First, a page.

Raekwon McMillan had 16 tackles on Saturday against Western Michigan. It is a testament to McMillan's talent and sense of accountability that he wasn't particularly happy with his performance.
Raekwon McMillan had 16 tackles on Saturday against Western Michigan.
It is a testament to McMillan's talent and sense of accountability that he wasn't particularly happy with his performance.
"Personally, I don't think I played that well," the sophomore middle linebacker said.
Part of that comes from his natural modesty. Part was truth. He did miss some tackles.
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"I'm more worried about the ones I missed," McMillan said.
Western Michigan had surprising success last week, particularly during 16- and 14-play drives early, with runs up the middle. McMillan was far from the only culprit, but he wasn't blameless, either.
"They gave us different looks almost every other play," McMillan said. "I was getting too timid during the game."
He said Western Michigan's success with inside runs will serve as a wake-up call for the Buckeyes, who will have a major test this week at undefeated Indiana. The Hoosiers feature the country's leading rusher, Alabama-Birmingham transfer Jordan Howard.
"It's always good to have a challenge," McMillan said. "We never want to go into a game knowing we're going to just dominate someone physically because when you know you're going to dominate somebody, you become lackadaisical during practice and don't prepare the way you should."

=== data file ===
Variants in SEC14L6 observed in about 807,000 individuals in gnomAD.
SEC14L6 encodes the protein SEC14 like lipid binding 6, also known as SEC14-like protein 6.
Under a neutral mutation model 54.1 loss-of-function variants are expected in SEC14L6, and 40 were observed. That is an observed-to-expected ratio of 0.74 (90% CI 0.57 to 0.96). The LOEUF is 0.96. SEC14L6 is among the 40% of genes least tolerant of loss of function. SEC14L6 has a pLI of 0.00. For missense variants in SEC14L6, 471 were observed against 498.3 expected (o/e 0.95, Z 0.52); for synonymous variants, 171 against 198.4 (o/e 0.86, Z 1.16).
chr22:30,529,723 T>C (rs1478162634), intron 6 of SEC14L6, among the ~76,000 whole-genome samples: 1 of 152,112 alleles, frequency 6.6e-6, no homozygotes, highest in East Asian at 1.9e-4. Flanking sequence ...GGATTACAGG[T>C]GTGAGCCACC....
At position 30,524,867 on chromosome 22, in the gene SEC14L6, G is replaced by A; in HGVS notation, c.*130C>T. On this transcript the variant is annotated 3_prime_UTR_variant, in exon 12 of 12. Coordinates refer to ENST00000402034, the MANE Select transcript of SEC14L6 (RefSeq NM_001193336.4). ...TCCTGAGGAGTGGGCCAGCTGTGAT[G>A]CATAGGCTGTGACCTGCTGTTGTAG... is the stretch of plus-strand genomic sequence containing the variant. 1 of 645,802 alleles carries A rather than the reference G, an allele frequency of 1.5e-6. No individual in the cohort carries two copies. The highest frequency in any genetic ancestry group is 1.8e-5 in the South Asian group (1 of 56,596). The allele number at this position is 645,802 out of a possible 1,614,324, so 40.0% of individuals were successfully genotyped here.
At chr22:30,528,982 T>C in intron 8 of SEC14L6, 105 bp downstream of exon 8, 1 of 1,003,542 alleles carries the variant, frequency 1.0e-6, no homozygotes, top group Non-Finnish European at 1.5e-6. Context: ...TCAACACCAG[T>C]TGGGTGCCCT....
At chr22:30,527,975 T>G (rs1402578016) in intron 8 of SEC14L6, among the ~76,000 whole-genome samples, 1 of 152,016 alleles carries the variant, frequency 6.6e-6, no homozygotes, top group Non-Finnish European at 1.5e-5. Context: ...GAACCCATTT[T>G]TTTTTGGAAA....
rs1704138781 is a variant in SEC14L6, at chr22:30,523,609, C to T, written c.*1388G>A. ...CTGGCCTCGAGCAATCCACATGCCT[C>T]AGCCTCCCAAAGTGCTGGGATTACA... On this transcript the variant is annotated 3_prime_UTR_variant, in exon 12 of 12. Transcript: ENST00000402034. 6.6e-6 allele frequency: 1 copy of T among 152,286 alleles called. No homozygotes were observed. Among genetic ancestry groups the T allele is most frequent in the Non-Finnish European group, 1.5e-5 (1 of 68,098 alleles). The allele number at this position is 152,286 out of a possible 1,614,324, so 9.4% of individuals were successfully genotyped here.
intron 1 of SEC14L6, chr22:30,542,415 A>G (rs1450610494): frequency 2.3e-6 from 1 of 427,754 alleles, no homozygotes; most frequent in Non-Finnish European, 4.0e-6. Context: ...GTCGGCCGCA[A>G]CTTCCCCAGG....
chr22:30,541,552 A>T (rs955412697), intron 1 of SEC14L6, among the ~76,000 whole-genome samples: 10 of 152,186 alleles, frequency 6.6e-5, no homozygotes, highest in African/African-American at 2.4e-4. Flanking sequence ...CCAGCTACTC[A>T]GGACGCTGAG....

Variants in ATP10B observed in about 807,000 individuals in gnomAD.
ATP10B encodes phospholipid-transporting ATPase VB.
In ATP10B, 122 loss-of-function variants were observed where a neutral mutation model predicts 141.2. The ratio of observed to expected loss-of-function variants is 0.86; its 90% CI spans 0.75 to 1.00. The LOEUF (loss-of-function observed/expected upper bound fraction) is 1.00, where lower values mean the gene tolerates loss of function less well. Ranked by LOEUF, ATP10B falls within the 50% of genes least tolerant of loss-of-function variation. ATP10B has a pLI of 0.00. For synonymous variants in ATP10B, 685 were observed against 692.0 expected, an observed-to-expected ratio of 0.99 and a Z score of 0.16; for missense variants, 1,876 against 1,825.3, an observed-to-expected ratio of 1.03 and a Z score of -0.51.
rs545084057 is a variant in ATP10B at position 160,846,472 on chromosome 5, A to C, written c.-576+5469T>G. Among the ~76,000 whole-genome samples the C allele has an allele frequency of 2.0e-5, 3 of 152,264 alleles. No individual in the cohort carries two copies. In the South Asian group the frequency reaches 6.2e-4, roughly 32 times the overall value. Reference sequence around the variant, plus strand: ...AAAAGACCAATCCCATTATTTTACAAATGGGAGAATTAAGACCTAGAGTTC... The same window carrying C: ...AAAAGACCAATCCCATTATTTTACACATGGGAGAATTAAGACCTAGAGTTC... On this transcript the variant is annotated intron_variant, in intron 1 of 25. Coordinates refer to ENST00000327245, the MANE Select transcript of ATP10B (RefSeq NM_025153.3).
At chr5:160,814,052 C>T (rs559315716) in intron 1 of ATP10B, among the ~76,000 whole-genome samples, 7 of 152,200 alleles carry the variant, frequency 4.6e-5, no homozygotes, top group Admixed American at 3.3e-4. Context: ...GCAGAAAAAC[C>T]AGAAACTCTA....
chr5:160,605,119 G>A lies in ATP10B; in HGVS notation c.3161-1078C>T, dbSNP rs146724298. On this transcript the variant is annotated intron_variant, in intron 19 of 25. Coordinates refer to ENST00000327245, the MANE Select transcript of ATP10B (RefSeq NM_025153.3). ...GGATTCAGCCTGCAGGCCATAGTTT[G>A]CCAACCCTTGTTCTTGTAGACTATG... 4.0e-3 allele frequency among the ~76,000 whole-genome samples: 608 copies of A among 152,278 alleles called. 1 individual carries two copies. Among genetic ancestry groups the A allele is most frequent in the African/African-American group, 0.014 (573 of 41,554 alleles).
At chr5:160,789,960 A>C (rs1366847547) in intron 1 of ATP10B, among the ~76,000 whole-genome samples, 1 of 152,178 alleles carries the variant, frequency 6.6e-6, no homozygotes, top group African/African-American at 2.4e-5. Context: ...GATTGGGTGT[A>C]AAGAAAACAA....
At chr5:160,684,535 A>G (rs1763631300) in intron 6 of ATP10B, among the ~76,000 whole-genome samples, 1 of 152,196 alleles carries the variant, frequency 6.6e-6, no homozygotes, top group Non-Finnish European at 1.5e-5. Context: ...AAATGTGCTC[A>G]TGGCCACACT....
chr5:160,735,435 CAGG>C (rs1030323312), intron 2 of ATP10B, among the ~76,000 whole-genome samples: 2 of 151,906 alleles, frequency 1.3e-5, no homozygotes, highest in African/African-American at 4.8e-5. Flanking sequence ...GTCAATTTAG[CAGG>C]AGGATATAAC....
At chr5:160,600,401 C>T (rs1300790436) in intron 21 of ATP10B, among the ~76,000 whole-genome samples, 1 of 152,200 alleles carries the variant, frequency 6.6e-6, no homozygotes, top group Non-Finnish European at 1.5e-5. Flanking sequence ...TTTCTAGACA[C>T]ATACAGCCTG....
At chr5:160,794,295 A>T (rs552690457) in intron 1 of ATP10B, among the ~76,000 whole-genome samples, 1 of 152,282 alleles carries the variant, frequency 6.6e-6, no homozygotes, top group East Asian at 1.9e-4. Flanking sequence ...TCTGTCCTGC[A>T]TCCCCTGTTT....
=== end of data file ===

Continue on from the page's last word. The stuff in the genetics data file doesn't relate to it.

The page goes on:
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That isn't an issue with McMillan. From the time he stepped on campus in 2014 as a five-star recruit from Georgia, McMillan impressed OSU football coaches and teammates with his maturity and work ethic.
A year ago, he shared time with senior Curtis Grant, who all but adopted him as his pet project. McMillan said they still talk almost every day.
A middle linebacker is the quarterback of the defense, and it's a role McMillan takes seriously.
"He's a really solid player, a mature guy who goes out there and leads the team," weakside linebacker Joshua Perry said. "He's a great fundamental player and a guy who's really conscientious and doesn't want to let the other guys around him down."
When asked what he most wanted to prove this year, McMillan said it was to earn the trust of defensive coordinator and linebackers coach Luke Fickell.
"I think I'm gaining his trust," he said. "We're working toward it each week. I'm building confidence each week."
Coach Urban Meyer, while bemoaning the trouble against the inside run last week, maintained he was "very happy" with McMillan's development. He has, after all, started only four college games.
McMillan came close to starting last season until Grant belatedly began living up to his potential. That McMillan was under consideration to start as a true freshman reflects how gifted a prospect he was.
In high school, he also played running back. McMillan's eyes lit up when that subject was broached.
"It's more fun talking about my rushing yards," he said.
When he was asked about his best game as a running back, he replied with glee, "Oh, thank you for asking," before talking about a 146-yard game in a victory against an opponent that had defeated his Liberty County team a year earlier.
McMillan said some colleges talked to him about playing running back, but it was understood by most that he would end up at linebacker. As much as he likes to talk about his days as a runner, McMillan knows that stopping them is his forte.
He also appreciates the opportunity he has playing middle linebacker on a star-studded Ohio State defense.
"You've got Darron (Lee)," he said. "You've got Josh. You've got Eli (Apple), Gareon (Conley), Vonn (Bell), Joey (Bosa), Adolphus (Washington)," he said. "I feel I'm a blessed individual to be in the middle of it all and be a part of this great defense."